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“Two roads diverged in a yellow wood And sorry I could not travel both”
The poet while travelling on foot in the woods reaches a junction where two roads diverge. Immediately, he realizes that as a traveller travelling both the roads is impossible. Here two roads are meant two ways of life. The woods are yellow, which means that it probably falls and the leaves are turning yellow.
“And be one traveler, long I stood And looked down one as far as I could To where it bent in the undergrowth;”
As it is impossible to travel both the roads, the poet stands there trying to choose which path he’s going to take. However, the poet wants to go down both paths and is thinking about it hard. He is staring down one road, trying to see where it goes. The small plants and greenery of the woods block his view.
“Then took the other, as just as fair
And having perhaps the better claim,
Because it was grassy and wanted wear,”
The phrase could mean something like “as just as it is fair,” as in proper, righteous and equal. But this doesn’t quite apply to a road. “As just as fair” is an example of a simile. Then the poet decided to check the other path because he found the other road to be less travelled and grassy one. “Wanted wear” is an example of personification.
“Though as for that, the passing there
Had worn them really about the same,”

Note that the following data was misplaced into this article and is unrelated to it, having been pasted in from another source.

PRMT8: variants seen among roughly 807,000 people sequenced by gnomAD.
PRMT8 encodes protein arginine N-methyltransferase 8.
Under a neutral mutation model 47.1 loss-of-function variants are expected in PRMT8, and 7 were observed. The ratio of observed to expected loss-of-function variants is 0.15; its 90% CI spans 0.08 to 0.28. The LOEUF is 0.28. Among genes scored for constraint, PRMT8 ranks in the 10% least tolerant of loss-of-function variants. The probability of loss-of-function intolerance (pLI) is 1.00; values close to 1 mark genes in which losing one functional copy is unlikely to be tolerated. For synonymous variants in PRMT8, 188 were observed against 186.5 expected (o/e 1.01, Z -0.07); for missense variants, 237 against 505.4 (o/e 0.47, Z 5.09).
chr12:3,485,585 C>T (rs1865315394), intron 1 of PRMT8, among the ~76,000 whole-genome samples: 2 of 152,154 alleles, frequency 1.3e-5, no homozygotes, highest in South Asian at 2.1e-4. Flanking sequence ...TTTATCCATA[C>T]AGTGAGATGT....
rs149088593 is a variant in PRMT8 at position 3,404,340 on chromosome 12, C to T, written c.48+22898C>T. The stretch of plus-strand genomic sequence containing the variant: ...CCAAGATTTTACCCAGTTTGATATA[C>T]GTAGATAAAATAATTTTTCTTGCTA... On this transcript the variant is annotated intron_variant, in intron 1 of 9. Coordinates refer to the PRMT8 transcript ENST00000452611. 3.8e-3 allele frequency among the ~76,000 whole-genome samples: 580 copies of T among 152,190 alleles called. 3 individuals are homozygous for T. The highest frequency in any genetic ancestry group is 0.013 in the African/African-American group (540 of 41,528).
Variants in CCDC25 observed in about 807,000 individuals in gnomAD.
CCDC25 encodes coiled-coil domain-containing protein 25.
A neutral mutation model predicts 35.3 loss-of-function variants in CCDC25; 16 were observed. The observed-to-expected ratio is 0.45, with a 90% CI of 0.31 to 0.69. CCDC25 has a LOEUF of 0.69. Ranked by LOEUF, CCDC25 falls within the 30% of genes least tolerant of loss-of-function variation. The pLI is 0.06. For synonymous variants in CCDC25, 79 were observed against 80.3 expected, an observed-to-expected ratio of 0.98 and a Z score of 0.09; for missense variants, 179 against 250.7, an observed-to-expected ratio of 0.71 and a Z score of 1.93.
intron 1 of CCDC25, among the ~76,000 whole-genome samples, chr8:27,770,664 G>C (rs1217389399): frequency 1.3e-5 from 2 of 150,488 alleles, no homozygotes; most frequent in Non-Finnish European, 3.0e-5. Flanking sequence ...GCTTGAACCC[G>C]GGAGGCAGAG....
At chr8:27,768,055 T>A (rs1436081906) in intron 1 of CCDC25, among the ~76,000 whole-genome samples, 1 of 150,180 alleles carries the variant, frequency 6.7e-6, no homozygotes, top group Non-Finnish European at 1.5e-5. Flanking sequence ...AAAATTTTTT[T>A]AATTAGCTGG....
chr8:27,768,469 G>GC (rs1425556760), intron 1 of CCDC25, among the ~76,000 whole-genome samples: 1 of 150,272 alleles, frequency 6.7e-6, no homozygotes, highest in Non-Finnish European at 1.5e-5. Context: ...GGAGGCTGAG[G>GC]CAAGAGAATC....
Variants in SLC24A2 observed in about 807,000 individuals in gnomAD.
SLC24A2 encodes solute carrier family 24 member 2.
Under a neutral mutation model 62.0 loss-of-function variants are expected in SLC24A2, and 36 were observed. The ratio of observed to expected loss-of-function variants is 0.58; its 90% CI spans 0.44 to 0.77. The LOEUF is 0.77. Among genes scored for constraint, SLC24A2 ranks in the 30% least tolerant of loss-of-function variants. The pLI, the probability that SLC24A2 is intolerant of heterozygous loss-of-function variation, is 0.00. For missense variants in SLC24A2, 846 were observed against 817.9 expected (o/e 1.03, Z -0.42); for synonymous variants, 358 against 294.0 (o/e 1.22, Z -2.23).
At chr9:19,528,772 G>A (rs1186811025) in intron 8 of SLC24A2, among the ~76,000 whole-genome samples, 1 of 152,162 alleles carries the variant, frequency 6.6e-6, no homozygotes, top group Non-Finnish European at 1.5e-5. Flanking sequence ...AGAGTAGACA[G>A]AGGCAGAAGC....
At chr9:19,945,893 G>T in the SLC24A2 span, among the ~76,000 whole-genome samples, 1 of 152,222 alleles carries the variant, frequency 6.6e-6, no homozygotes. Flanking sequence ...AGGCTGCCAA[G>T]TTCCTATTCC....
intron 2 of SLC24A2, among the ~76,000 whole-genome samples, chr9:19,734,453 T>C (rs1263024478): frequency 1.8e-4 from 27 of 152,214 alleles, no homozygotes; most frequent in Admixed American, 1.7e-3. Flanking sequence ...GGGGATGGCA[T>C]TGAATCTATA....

After travelling through the road, he found that both the roads are equally travelled. First, he found the first road to be the more travelled one, but then he says that both the roads to be equally travelled. The ‘as for that” refers to the path being less worn.
“And both that morning equally lay
In leaves no step had trodden black.”
Here, again, the poet found both the paths looking same. Perhaps, he goes in the flashback. It was tough for him to recognize the real road as in the morning he was the first person to walk on the road.
He couldn’t decide the right path as no step had smashed the leaves on the roads to allow him to go for the right one. These lines are an example of imagery.
“Oh, I kept the first for another day!
Yet knowing how way leads on to way,
I doubted if I should ever come back.”
The poet here saves the first road for another day. He knows how “way leads” to another, and then another until you end up very far from where you started. The poet here saves the first road for another day. Then in the third, he doesn’t think he will ever be able to come back and take the other path, as much as he wishes he could.
“I shall be telling this with a sigh”
This line is the example of the poet’s failure in choosing the right path. The word ‘sigh’ reflects that he is disappointed with the decision.
“Somewhere ages and ages hence:
Two roads diverged in a wood and I-
I took the one less traveled by,”
He accepts the fact that he is a failure in taking the right decision. ‘Ages and ages’ is an example of alliteration. Perhaps, he chose the less travelled one.
“And that has made all the difference.”
The poet took the path that no one else did, and that is what has made the difference in his life that made him successful. However, a “difference” could mean success or utter failure.
The poem The Road Not Taken is made with a rhyme scheme of ABAAB. The poet in the poem decided to seize the day and express himself as an individual by choosing the road that was “less traveled by.”
Moreover, the narrator’s decision to choose the “less-travelled” path shows his courage. In terms of the beauty, both paths are equally “fair”.
The narrator only distinguishes the paths from one another after he has already selected one and traveled for many years through life. The Road Not Taken is one of Frost’s most beloved poems and is frequently studied in high school literature classes.
- Play Quiz on The Road Not Taken
- Critical Analysis of The Road Not Taken
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